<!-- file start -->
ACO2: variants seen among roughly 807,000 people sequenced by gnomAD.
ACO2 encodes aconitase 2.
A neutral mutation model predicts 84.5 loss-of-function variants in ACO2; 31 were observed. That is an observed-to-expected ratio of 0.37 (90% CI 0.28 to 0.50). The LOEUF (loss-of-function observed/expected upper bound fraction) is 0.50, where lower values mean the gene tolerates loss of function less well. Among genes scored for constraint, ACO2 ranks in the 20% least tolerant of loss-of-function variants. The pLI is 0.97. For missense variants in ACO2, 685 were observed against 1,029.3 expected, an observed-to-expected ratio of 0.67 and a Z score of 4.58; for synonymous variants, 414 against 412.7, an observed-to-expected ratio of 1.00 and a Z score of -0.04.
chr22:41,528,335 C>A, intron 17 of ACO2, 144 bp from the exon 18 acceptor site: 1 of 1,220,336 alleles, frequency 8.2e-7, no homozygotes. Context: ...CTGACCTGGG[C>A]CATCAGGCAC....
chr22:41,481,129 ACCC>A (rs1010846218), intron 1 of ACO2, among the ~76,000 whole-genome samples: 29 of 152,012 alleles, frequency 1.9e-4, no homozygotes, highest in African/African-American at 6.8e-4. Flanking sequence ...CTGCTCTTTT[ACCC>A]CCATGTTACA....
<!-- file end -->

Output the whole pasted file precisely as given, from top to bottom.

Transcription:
ACO2: variants seen among roughly 807,000 people sequenced by gnomAD.
ACO2 encodes aconitase 2.
A neutral mutation model predicts 84.5 loss-of-function variants in ACO2; 31 were observed. That is an observed-to-expected ratio of 0.37 (90% CI 0.28 to 0.50). The LOEUF (loss-of-function observed/expected upper bound fraction) is 0.50, where lower values mean the gene tolerates loss of function less well. Among genes scored for constraint, ACO2 ranks in the 20% least tolerant of loss-of-function variants. The pLI is 0.97. For missense variants in ACO2, 685 were observed against 1,029.3 expected, an observed-to-expected ratio of 0.67 and a Z score of 4.58; for synonymous variants, 414 against 412.7, an observed-to-expected ratio of 1.00 and a Z score of -0.04.
chr22:41,528,335 C>A, intron 17 of ACO2, 144 bp from the exon 18 acceptor site: 1 of 1,220,336 alleles, frequency 8.2e-7, no homozygotes. Context: ...CTGACCTGGG[C>A]CATCAGGCAC....
chr22:41,481,129 ACCC>A (rs1010846218), intron 1 of ACO2, among the ~76,000 whole-genome samples: 29 of 152,012 alleles, frequency 1.9e-4, no homozygotes, highest in African/African-American at 6.8e-4. Flanking sequence ...CTGCTCTTTT[ACCC>A]CCATGTTACA....